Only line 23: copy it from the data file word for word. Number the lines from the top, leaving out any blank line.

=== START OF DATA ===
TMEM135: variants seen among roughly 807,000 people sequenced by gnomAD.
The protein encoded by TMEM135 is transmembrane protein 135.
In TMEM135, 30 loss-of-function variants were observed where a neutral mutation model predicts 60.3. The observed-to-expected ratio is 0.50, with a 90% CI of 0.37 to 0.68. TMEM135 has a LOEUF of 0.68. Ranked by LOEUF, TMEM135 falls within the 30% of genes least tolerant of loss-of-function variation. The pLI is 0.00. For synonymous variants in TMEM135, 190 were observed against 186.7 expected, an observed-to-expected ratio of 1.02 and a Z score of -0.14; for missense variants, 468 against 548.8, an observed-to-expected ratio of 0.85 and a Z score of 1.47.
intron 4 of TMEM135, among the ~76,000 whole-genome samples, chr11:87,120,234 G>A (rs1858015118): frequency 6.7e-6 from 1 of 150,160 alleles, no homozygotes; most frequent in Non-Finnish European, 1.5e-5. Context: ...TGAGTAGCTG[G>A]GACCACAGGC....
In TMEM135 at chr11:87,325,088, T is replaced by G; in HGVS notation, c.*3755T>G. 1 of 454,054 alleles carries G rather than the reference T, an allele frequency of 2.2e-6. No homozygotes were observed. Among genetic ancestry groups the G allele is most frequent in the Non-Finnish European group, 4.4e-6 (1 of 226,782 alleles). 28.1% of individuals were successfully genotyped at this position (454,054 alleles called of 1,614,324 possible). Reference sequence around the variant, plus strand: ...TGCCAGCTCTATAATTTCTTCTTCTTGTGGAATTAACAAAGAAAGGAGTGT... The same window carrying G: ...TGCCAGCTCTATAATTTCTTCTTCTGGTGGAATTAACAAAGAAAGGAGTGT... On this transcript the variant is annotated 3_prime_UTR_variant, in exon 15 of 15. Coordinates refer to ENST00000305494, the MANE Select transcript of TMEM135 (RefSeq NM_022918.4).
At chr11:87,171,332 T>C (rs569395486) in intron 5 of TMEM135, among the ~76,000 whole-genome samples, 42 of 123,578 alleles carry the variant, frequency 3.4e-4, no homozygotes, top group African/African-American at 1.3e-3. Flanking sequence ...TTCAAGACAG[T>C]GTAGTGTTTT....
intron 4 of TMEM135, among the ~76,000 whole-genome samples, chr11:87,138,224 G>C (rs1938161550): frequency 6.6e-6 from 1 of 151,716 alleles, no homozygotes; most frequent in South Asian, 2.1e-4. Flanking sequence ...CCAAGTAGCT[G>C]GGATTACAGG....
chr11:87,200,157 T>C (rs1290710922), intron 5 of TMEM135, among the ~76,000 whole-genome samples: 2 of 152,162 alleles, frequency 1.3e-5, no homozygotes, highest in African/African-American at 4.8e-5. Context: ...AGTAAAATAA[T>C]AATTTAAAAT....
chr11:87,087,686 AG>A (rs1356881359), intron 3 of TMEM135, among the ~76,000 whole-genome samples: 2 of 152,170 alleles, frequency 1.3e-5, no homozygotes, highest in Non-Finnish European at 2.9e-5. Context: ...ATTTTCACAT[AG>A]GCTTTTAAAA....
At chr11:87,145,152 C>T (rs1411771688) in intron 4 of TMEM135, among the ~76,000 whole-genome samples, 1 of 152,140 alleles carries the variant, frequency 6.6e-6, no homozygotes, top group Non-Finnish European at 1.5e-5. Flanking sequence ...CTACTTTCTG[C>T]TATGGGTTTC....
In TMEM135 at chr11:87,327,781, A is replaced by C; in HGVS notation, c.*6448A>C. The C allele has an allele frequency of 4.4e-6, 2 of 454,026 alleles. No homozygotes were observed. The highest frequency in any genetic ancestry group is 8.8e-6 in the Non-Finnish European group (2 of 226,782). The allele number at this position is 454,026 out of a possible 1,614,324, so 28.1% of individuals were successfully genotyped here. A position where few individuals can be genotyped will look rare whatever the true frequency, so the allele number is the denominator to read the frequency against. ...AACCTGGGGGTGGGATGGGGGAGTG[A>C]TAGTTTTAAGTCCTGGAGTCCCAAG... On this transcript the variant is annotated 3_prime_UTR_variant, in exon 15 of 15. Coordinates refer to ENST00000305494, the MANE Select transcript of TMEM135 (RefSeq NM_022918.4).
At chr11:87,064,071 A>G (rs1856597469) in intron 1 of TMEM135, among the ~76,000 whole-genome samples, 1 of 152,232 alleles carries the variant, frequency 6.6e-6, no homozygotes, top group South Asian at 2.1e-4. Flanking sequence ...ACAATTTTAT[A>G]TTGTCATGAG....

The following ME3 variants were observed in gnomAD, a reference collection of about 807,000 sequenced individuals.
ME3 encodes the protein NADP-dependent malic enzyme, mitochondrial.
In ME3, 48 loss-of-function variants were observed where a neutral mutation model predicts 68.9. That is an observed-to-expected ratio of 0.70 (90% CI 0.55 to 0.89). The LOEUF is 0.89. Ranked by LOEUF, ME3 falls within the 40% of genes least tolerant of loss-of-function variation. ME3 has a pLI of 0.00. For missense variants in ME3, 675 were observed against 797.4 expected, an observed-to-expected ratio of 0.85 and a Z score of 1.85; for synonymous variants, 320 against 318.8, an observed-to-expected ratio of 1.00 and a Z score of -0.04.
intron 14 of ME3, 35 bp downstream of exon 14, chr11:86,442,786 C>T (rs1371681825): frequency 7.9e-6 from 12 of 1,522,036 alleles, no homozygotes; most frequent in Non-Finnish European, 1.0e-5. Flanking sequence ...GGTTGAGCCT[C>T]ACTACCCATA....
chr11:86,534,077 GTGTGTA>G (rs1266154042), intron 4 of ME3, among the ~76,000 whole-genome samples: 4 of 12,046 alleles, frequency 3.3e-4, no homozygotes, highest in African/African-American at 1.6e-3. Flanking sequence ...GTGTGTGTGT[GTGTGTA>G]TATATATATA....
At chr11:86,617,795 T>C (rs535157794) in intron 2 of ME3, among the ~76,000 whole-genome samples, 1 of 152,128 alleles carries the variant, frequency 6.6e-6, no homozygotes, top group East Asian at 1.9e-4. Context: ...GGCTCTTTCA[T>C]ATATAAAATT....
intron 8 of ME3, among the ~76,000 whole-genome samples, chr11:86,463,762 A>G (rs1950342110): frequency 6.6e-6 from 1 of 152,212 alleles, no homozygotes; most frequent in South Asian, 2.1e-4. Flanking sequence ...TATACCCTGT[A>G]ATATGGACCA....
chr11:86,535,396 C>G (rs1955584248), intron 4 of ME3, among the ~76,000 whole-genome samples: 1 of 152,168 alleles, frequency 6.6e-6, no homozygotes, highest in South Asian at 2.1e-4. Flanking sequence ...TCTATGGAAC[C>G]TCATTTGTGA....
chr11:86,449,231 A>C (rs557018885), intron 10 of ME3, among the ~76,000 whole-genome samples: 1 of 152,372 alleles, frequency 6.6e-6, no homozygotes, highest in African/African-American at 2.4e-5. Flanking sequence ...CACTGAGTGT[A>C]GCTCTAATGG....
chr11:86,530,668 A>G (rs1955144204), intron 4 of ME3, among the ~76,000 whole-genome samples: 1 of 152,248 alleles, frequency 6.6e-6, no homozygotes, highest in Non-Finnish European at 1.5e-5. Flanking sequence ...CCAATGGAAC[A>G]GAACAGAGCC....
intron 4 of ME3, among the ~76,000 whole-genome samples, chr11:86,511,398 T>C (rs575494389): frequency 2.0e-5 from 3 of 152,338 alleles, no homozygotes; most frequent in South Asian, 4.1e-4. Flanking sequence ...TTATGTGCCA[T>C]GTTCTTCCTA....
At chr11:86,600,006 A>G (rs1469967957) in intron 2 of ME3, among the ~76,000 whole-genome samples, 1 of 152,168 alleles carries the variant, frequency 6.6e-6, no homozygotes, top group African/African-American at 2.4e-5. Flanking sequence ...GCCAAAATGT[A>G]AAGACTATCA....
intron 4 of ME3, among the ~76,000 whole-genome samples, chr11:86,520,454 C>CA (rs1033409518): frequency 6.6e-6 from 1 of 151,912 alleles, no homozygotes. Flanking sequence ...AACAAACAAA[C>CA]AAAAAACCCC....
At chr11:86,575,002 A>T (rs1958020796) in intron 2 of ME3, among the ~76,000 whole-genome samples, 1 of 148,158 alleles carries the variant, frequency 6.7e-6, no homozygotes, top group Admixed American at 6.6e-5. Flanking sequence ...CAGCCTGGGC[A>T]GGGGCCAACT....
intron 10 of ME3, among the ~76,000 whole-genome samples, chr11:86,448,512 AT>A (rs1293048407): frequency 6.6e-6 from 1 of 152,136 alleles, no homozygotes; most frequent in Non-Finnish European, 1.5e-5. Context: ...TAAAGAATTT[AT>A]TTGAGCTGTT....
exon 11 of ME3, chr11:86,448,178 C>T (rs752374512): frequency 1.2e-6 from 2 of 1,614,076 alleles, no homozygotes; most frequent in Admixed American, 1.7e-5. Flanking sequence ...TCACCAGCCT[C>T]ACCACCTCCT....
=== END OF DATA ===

intron 4 of ME3, among the ~76,000 whole-genome samples, chr11:86,511,398 T>C (rs575494389): frequency 2.0e-5 from 3 of 152,338 alleles, no homozygotes; most frequent in South Asian, 4.1e-4. Flanking sequence ...TTATGTGCCA[T>C]GTTCTTCCTA....